Physicist Michel Carayol laid out what would be the fundamental idea of radiation implosion in an April 1967 paper, but neither he nor his colleagues were immediately convinced that it was the solution, and the search continued.

In late September 1967, Carayol’s ideas were validated by an unlikely source, William Cook, who had overseen the British thermonuclear program in the mid-1950s. Cook, no doubt at his government’s behest, verbally passed on the crucial information to the French embassy’s military attaché in London. Presumably, the British provided this information for political reasons. British Prime Minister Harold Wilson was lobbying for the entry of the United Kingdom into the Common Market (European Economic Community), which was being blocked by de Gaulle.

Sakharov sketch:

A sketch of Sakharov's work on the h bomb

 

Note Added: Perhaps someone can translate part of this paper, which gives some details about the Chinese thermonuclear step, credit to Yu Min. Did they invent a mechanism different from Ulam-Teller? I can’t tell from this paper, but I suspect the initial Chinese design used U-T. There are claims that Yu Min later developed, in the pursuit of miniaturization and improved safety, a qualitatively different design.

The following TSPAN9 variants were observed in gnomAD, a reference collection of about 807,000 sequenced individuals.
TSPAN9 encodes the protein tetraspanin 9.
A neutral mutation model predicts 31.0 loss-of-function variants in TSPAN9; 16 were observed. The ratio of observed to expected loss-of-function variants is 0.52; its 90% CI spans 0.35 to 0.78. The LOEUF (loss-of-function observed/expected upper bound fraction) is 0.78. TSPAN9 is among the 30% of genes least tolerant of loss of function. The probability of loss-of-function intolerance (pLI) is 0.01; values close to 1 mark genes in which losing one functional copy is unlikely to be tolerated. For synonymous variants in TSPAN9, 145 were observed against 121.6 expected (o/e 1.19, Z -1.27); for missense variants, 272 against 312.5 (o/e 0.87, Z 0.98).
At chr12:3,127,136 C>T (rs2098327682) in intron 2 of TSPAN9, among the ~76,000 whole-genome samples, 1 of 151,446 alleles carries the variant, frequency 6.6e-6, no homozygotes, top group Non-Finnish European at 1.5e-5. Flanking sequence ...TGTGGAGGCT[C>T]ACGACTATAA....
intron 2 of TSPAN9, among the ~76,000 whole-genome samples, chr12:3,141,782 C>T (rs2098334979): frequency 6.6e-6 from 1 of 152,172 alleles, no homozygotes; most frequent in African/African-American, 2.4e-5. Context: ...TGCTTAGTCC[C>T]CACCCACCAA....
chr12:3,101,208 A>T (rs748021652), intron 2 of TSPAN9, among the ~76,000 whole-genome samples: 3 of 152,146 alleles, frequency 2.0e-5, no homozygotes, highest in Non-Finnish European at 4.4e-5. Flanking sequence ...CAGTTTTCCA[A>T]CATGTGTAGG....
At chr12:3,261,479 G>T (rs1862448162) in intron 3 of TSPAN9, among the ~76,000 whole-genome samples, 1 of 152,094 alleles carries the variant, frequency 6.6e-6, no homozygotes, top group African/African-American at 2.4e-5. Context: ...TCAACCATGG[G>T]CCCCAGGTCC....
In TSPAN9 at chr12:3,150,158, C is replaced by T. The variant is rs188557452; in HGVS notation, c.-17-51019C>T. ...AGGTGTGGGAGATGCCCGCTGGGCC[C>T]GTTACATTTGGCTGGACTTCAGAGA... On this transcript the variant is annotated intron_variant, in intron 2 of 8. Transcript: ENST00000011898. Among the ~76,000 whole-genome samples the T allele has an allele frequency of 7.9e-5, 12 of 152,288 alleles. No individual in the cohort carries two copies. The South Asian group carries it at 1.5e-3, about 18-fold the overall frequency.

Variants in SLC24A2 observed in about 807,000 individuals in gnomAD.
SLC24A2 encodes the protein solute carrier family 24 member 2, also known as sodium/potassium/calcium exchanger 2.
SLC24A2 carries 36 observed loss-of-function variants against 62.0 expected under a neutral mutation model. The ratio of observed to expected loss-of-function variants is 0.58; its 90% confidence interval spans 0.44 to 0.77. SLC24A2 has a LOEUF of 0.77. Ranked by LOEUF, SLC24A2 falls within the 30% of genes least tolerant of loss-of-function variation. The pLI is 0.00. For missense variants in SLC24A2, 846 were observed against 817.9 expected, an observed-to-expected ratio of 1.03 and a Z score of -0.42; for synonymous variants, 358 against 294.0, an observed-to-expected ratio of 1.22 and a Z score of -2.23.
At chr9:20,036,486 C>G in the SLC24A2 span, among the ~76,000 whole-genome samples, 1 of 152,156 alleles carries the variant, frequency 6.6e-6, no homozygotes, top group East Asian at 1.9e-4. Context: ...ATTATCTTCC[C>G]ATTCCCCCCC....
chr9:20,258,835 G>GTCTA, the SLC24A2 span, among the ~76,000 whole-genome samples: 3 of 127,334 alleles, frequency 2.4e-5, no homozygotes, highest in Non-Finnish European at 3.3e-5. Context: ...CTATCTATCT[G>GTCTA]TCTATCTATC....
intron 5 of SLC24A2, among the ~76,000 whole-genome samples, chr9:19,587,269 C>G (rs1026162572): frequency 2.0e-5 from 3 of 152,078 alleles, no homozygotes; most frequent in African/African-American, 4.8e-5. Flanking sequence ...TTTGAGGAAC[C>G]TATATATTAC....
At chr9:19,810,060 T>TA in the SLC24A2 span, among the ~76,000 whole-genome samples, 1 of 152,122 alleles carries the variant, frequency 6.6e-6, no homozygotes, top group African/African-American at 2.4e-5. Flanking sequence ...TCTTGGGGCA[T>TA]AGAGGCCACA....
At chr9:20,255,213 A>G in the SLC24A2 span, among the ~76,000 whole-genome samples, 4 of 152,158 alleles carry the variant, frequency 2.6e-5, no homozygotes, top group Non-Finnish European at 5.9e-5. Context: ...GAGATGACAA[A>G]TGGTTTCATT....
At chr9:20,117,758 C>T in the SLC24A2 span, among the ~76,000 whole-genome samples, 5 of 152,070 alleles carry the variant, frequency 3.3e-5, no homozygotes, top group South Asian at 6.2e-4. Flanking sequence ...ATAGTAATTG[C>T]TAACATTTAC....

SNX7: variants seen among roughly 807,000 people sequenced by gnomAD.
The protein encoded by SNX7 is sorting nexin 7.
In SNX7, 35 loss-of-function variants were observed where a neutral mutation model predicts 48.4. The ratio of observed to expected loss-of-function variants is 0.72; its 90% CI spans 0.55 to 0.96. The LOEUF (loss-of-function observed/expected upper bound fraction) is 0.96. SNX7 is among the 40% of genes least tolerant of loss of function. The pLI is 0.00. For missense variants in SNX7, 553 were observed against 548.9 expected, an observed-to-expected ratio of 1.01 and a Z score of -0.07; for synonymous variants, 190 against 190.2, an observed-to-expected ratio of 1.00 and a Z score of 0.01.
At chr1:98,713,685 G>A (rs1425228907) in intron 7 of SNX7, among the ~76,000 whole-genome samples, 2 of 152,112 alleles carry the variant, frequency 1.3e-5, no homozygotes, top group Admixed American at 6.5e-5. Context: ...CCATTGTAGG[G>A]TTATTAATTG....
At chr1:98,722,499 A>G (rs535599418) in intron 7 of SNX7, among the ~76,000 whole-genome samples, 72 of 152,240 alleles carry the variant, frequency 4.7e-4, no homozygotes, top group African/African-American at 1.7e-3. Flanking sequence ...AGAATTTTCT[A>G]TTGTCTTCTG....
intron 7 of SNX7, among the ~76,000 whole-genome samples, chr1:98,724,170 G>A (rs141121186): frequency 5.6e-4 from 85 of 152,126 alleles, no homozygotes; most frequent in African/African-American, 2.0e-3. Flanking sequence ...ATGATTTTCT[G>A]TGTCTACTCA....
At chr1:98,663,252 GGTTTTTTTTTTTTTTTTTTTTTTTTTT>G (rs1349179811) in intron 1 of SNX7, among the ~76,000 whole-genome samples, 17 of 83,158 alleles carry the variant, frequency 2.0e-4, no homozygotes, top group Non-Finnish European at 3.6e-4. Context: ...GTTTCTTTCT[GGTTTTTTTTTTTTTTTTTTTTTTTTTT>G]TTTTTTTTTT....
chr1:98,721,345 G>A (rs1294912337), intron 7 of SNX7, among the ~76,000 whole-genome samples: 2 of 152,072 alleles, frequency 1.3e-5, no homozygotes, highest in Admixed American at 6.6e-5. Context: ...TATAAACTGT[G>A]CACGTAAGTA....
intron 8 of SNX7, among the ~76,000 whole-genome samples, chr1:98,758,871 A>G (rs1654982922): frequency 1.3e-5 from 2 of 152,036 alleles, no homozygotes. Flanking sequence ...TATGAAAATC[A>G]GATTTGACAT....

Yu Min was a student of Peng Huanwu (also a key figure in the bomb effort), who was a student of Max Born. Yu Min only recently passed, in early 2019!

Yu Min

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Stephen Hsu
Stephen Hsu is vice president for Research and Graduate Studies at Michigan State University. He also serves as scientific adviser to BGI (formerly Beijing Genomics Institute) and as a member of its Cognitive Genomics Lab. Hsu’s primary work has been in applications of quantum field theory, particularly to problems in quantum chromodynamics, dark energy, black holes, entropy bounds, and particle physics beyond the standard model. He has also made contributions to genomics and bioinformatics, the theory of modern finance, and in encryption and information security. Founder of two Silicon Valley companies—SafeWeb, a pioneer in SSL VPN (Secure Sockets Layer Virtual Private Networks) appliances, which was acquired by Symantec in 2003, and Robot Genius Inc., which developed anti-malware technologies—Hsu has given invited research seminars and colloquia at leading research universities and laboratories around the world.
Stephen Hsu